The last two years I have done this race, I have drilled it from the start and have split the field into a winning break of 12-15 guys. This year, Nathan suggests to me that I conserve my energy and let someone else spend the energy to split the field. It looked like Ghader Mizbhani, Chris Baldwin and Burke Swindlehurst were going to do just that. I couldn't follow Mizbhani when he attached to the KOM at K 26.1, but I did manage to follow the Phonak rider, Fertonani, and bridge up to those three with Ryan Cox of South Africa. However, we never organized and the whole field reformed. The difficulty in this stage is that we follow the perimeter of the lake, which means big crosswinds. Rob Reid was the ultimate teammate in helping me make the front split. Just as Rob died, after having ridden in the wind with no protection at all for at least 6 K, the pace picked up. Rob took me right to Cory and he took me to within 75 meters of the split. Put in a flat out effort to bridge a gap that seemed as though each centimeter was more difficult to close than the last. I was the last rider to make the first group on the split that day. Rob and Cory were awesome! We were looking great at this point. All my principal rivals had lost time on the previous stages. I had only lost time due to bonus sprints and none of those guys that had won those sprints could climb. Things were looking like a top three finish - for sure.
Stage 4 - July 20: Niaodao-Qinghai Lake Hotel, 120 km
Last year with 20 K to go, the Italians split the field and helped Damiano Cunego position himself for the win. I lost 57 seconds and saw my hopes of a top three finish in the overall ride up the road. This year I was more nervous for this stage than any of the other stages for that reason. I was bound and determined to survive this day and not lose time. Once again, Rob and Cory helped me more than I can say. I survived every split that occurred and ended up finishing in the first group. Things were looking great for us, except for the fact that Cory had picked up a bug from Ben, who had now dropped out of the race due to illness brought on perhaps by Tim. Shoot. Down to three healthy Marco Polo riders left in the race.
Stage 5 - July 21: Qinghai Lake Hotel-Xining, 173.2 km
This stage featured a course that took us around the east end of the lake, as we did in Stage 2. From the easternmost end of the lake, we descended back down to Xining. First four days were stressful and hectic with the wind. So this day seemed to offer a relatively innocent stage. But it wasn't to be. Phil Zajicek, Burke Swindlehurst (both of Navigators), an Italian from De Nardi (a Division 1 team) and Jeremy Maartens of South Africa ended up off the front. At one point of the stage with 70K to go, they had over eight minutes lead on the field. I tried to talk to the Kazakhs and the team from Japan, Nippo - Hondo, as well as the team from South Africa to help us chase. Giant knew that Mizbhani was in trouble with that kind of a lead and helped chase. The Kazakhs helped for maybe 10 K, Nippo did for maybe 5 K - the gap did come down to 2:53 in the end, but knowing how well Phil could climb, I knew first place was sewn up. Burke had already lost time and so Phil was the big threat to GC. I have known Phil for a long time. He came to one of the first regional selection camps that I ran for USA Cycling years ago as a young rider with a mountain of enthusiasm. Phil did not really display any outstanding talents at that camp, but his dedication and toughness was proving to pay off for him. He was a dedicated domestique for riders like Scott Moninger and Tom Danielson in the past and like most domestiques, received very little recognition for his selfless efforts.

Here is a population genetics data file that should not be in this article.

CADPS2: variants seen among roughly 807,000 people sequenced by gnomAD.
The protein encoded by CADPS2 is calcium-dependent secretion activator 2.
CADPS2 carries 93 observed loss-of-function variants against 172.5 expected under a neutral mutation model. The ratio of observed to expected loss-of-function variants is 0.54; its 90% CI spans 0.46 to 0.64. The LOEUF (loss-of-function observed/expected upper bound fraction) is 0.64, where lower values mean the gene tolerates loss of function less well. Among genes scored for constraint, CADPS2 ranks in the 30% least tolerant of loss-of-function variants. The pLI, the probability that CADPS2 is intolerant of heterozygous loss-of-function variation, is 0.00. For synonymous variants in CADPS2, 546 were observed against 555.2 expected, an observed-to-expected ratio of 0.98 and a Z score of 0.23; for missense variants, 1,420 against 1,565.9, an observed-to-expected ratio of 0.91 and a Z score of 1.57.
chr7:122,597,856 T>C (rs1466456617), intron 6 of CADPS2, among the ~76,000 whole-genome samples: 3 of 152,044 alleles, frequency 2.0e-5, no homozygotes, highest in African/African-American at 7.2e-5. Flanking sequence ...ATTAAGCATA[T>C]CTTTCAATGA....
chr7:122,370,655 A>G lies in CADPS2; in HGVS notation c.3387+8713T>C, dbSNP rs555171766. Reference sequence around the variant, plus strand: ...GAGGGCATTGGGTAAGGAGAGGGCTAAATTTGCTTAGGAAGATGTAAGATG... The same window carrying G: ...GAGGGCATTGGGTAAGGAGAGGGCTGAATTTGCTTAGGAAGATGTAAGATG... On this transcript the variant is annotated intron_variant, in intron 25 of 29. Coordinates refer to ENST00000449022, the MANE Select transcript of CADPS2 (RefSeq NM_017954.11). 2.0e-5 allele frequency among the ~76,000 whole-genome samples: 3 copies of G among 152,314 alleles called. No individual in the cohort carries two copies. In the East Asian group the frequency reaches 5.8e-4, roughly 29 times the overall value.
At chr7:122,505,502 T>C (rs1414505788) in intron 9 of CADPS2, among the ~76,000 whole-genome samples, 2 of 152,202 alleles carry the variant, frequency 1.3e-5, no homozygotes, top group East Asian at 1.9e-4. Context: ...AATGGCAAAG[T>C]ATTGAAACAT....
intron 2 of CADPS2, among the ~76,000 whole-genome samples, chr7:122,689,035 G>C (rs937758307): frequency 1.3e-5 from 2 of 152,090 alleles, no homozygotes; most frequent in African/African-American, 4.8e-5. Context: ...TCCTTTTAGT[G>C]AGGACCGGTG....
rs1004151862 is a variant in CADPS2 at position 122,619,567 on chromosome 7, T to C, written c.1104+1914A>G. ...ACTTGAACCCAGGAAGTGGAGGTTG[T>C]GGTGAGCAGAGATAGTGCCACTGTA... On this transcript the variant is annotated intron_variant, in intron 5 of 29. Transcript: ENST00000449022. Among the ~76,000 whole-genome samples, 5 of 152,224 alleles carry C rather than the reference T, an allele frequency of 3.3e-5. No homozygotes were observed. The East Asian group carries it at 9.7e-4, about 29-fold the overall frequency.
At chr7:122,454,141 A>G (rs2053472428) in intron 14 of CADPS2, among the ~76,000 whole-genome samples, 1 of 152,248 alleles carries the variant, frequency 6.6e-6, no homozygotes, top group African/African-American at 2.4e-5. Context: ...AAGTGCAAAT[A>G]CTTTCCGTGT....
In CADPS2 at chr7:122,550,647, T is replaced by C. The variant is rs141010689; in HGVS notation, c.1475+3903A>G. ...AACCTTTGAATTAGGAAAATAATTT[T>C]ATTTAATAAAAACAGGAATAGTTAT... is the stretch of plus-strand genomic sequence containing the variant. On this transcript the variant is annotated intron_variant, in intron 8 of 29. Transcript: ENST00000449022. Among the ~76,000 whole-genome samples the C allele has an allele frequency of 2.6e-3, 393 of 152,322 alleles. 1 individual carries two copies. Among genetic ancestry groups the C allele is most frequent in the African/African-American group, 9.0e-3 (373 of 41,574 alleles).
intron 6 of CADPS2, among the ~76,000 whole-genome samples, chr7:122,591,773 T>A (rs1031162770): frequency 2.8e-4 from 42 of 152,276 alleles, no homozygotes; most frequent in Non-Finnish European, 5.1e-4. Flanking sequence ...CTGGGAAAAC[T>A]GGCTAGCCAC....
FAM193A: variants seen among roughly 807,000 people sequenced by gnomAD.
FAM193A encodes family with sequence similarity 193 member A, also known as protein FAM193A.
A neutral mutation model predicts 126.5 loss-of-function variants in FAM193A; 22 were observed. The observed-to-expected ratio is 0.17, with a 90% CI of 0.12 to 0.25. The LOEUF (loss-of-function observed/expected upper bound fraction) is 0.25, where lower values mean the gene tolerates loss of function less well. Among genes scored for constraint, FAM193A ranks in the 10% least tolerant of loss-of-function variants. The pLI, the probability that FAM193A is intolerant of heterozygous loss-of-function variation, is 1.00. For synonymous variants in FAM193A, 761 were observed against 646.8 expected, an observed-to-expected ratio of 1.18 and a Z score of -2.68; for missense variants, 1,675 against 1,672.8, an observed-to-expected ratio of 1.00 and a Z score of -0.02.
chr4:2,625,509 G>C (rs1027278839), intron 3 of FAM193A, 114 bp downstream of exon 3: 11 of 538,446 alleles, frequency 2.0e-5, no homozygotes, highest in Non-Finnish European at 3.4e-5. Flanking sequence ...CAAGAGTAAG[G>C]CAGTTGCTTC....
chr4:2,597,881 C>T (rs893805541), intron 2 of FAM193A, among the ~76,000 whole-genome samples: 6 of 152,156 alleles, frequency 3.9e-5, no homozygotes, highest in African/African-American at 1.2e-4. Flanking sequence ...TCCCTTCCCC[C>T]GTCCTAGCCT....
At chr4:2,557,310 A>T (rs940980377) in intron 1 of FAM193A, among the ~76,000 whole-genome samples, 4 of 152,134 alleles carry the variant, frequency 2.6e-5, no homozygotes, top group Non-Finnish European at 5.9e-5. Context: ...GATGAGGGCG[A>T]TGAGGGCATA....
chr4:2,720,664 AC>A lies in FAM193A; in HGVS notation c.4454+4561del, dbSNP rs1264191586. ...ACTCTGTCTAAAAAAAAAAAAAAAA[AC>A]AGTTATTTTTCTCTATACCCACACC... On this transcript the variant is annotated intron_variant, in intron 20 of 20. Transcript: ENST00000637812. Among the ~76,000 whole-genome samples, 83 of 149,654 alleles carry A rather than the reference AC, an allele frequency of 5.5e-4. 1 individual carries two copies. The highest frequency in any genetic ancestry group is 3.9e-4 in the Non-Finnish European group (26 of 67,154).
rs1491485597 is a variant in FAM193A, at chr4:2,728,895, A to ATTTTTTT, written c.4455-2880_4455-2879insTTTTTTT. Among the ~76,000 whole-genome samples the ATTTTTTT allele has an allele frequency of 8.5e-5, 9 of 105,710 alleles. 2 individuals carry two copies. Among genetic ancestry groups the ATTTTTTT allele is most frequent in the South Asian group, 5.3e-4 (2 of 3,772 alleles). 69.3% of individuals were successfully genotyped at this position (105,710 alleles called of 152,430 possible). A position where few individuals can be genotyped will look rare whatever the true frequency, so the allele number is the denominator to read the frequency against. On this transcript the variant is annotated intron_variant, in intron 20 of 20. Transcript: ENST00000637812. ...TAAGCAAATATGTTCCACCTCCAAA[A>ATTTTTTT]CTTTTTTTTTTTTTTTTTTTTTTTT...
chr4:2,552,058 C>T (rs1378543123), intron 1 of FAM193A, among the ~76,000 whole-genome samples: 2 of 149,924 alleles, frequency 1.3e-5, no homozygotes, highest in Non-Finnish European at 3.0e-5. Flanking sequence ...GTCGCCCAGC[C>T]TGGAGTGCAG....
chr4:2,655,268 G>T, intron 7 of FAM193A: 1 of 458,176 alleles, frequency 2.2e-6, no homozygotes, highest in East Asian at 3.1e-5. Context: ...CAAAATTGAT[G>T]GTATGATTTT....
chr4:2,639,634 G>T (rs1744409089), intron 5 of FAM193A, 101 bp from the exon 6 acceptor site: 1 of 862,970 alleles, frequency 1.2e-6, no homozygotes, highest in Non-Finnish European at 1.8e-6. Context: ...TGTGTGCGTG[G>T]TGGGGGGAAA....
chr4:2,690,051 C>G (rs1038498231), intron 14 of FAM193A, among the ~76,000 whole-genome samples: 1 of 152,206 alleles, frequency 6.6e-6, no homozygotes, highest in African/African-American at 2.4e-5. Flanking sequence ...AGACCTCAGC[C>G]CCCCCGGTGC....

I knew that Phil was going to win this race despite the valiant effort by Cory, Rob, Oggi and two of the other Giant riders chasing. The race was now for second.
Stage 6 - July 22: Xining-Menyuan, 153 km
Finally, the first big mountain day arrives. I am so happy to see this stage coming - no more crosswind battles, just the big 30 K climb to 3,792 meters. Trouble was, at 3:00 in the morning, I woke to shooting pain in my kidneys and stomach. I tried to repeat to myself that it was no big deal and that I would be just fine... this was NOT happening. I had survived the most difficult parts of the race for me with the best parts to come. But... just wasn't to be. As the stage started, Navigators controlled the race on the first flat 8 K. The climb doesn't really start until 100K. At a 111 K the KOM comes at 3,792 meters, descends to 130 K and 2,950 meters and then a flat 23 K run-in to the finish. I felt ok the first 100K and as the climb started, I felt my body shut down. I went from a sixth wheel behind Mizbhani and company and blew. I knew at that point my GC spot for Qinghai was gone. The worst part of it for me was knowing that Rob and Cory had sacrificed for me and it was all for naught. I limped my way to the top and crawled to the finish, 7 minutes down... .RATS!
Stage 7 - July 23: Menyuan-Huzhu, 167 km
In yesterday's stage, Phil did get dropped from Phonak's Fertonani, Ryan Cox of South Africa and Mizbhani. But those crafty Navigators had Chris Baldwin, Burke Swindlehurst and Jeff Louder stay with Phil and on the descent and the run in to the finish, drilled it and conserved Phil's lead of over 2 minutes. Today was another repeat performance; first 110 K were slightly downhill through some of the most beautiful parts bike races go through. The course followed a river valley with huge peaks on either side that go to over 3,400 meters. Actually felt better at the start, but just as soon as the intensity picked up, exact same as yesterday. I had lost another 7 minutes. Mizbhani, Cox, Fertonani and a Kazakh were away over the top with a lead of over 2 minutes on Phil at the descent. Navigators subscribed to the same tactic as yesterday. Baldwin, Louder and Swindlehurst stayed with Phil on the climb and then together they drilled it again and caught the breakaway at the line.
Stage 8 - July 24: Xining-Ledu-Pingan-Xining, 130.1 km
This stage turned out to be more of a formality. An out-and-back course of flat roads. There would be absolutely no change for the GC standings as the field conceded the win to Navigators. Navigators did the classic team time trial at the front all day. When things go well for a team, sometimes they go really well. After working all day long, Navigators' Ripinski out-sprinted everyone and took the stage. The thing about this stage was the rain and the filth on the roads. Normally a rain washes away the grime and dirt, but here in China, the rain turns the roads into what looks like muddy dirt roads. We were absolutely filthy at the end of this stage.
Stage 9 - July 25: Xining Circuit, 109.5 km
This is a flat circuit, essentially the same as the opening day. Great weather all day, no breakaways, Navigators controlled the whole stage again. Phil wins individual GC. Of note, on the Marco Polo side, we seem to have a new sprinter... Cory goes for it in the final gallop and ends up 12th. Not bad at all for a rider who says he can't sprint. And so goes the 2004 Tour of Qinghai Lake. The one thing about cycling is there is always another race. Next big tour coming up is Tour of Hokkaido; hopefully I will have a more successful Marco Polo story to tell.
Images by Linna Zhang
Images by Lin Chia-Shin
For more information on the Marco Polo Cycling Club and its travels, visit: www.marcopolocycling.com